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Joint Bone Spine
Volume 71, n° 6
pages 470-474 (novembre 2004)
Doi : 10.1016/j.jbspin.2004.07.008
Received : 13 July 2004 ;  accepted : 13 July 2004
Emerging biological therapies in rheumatoid arthritis

Xavier Mariette
Rheumatology Department, Inserm EMI 109, Bicêtre Teaching Hospital, Paris-Sud University, Le Kremlin Bicêtre, France 

*Corresponding author. Service de Rhumatologie, Hôpital de Bicêtre, 78, rue du Général Leclerc, 94275 Le Kremlin Bicêtre, France. Tel.: +33-01-45-21-37-58; fax : +33-01-45-21-37-57.

The introduction of TNF⍺ inhibitors has radically changed the management of patients with refractory rheumatoid arthritis (RA) or spondyloarthropathy. However, among patients with RA unresponsive to methotrexate, only two-thirds respond to TNF⍺ inhibitors. Fortunately, more than 5 years after infliximab was introduced on the market, preliminary evidence that emerging biological agents are effective is beginning to accumulate, generating new hope for patients who fail to respond to TNF⍺ inhibitors. These novel biological therapies grew out of original pathophysiological hypotheses, a fact that vividly illustrates the importance of basic pathophysiological research for developing new medications. This review provides detailed information on three biological therapies whose efficacy in RA was demonstrated in recently published randomized placebo-controlled trials: a monoclonal antibody to the IL-6 receptor (MRA), CTLA4-Ig (abatacept), and a monoclonal B-cell-specific antibody to CD20 (rituximab). Good risk/benefit ratios seem to be achieved with MRA alone or with abatacept or rituximab combined with methotrexate. However, as yet, no radiographic data are available for these treatments. One of the challenges for the future is to identify ingenious combinations of biological therapies capable of improving the quality and duration of responses without exacerbating side effects.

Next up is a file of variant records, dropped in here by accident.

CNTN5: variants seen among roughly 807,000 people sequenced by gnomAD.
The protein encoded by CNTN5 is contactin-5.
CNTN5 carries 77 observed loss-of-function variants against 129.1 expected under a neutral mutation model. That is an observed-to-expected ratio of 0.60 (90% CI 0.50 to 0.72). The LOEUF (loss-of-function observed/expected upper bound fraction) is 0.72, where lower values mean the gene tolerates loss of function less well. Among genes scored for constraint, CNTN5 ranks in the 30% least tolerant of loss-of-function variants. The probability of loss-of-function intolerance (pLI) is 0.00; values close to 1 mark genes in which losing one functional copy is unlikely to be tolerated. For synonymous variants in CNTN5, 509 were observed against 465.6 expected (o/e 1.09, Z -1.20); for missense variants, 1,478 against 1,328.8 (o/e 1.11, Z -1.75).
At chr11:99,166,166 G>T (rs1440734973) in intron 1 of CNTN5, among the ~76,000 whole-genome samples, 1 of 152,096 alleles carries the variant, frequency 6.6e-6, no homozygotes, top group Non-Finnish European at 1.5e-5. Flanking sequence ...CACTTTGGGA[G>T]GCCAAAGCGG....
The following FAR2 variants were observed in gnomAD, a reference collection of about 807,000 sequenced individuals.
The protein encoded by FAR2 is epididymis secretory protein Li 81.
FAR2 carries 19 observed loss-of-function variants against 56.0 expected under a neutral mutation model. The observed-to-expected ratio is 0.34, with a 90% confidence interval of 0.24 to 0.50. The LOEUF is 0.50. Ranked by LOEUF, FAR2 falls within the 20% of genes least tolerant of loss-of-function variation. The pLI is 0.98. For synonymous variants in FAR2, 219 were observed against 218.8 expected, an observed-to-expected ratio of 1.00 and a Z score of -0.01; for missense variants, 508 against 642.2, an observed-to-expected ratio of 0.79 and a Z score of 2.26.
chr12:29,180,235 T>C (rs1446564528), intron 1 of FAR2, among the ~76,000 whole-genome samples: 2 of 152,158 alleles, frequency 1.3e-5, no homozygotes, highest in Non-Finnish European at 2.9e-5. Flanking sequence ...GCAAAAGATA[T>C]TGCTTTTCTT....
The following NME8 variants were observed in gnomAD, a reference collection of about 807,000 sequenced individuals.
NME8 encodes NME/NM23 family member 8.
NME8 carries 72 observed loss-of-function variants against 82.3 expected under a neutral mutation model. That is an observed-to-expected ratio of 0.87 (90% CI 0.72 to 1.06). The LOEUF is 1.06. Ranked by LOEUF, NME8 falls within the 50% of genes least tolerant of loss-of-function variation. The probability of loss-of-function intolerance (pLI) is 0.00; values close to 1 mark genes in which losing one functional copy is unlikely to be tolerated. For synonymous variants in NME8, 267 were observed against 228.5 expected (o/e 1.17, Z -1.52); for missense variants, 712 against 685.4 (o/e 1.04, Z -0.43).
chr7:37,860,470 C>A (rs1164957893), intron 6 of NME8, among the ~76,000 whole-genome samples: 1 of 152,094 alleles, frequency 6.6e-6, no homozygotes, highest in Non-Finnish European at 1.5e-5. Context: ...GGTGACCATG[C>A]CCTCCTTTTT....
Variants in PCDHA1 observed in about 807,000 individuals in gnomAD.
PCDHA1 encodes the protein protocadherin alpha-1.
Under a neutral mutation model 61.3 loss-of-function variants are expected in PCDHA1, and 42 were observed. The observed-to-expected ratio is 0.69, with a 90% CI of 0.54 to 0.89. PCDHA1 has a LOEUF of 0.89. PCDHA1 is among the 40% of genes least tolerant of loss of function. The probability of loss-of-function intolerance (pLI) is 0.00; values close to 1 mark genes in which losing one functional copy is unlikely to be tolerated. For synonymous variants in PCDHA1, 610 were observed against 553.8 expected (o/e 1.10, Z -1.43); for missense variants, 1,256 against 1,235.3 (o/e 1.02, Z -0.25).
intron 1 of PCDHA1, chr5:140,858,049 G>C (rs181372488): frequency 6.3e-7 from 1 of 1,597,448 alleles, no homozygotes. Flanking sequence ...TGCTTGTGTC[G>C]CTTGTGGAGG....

The full text of this article is available in PDF format.

Keywords : Biological therapies, MRA, Abatacept, Rituximab, Education

© 2004  Elsevier SAS. All Rights Reserved.
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